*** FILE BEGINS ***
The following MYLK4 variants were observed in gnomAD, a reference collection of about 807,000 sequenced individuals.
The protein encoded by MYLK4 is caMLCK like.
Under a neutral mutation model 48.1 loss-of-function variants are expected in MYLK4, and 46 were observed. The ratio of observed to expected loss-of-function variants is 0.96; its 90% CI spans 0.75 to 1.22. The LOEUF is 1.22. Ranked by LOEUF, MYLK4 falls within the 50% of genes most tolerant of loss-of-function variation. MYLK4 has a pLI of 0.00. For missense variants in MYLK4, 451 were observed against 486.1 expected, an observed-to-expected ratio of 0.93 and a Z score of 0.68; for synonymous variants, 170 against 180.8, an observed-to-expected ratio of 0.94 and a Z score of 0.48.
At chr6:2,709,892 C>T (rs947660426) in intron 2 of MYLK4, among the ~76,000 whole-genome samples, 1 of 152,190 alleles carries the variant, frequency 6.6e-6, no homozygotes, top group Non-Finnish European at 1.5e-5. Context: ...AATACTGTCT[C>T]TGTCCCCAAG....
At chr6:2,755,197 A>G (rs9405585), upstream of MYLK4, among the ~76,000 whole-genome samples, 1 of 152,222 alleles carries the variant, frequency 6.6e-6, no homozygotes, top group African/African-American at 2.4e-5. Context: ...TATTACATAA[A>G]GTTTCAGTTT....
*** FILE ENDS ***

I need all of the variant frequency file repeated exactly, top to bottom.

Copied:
The following MYLK4 variants were observed in gnomAD, a reference collection of about 807,000 sequenced individuals.
The protein encoded by MYLK4 is caMLCK like.
Under a neutral mutation model 48.1 loss-of-function variants are expected in MYLK4, and 46 were observed. The ratio of observed to expected loss-of-function variants is 0.96; its 90% CI spans 0.75 to 1.22. The LOEUF is 1.22. Ranked by LOEUF, MYLK4 falls within the 50% of genes most tolerant of loss-of-function variation. MYLK4 has a pLI of 0.00. For missense variants in MYLK4, 451 were observed against 486.1 expected, an observed-to-expected ratio of 0.93 and a Z score of 0.68; for synonymous variants, 170 against 180.8, an observed-to-expected ratio of 0.94 and a Z score of 0.48.
At chr6:2,709,892 C>T (rs947660426) in intron 2 of MYLK4, among the ~76,000 whole-genome samples, 1 of 152,190 alleles carries the variant, frequency 6.6e-6, no homozygotes, top group Non-Finnish European at 1.5e-5. Context: ...AATACTGTCT[C>T]TGTCCCCAAG....
At chr6:2,755,197 A>G (rs9405585), upstream of MYLK4, among the ~76,000 whole-genome samples, 1 of 152,222 alleles carries the variant, frequency 6.6e-6, no homozygotes, top group African/African-American at 2.4e-5. Context: ...TATTACATAA[A>G]GTTTCAGTTT....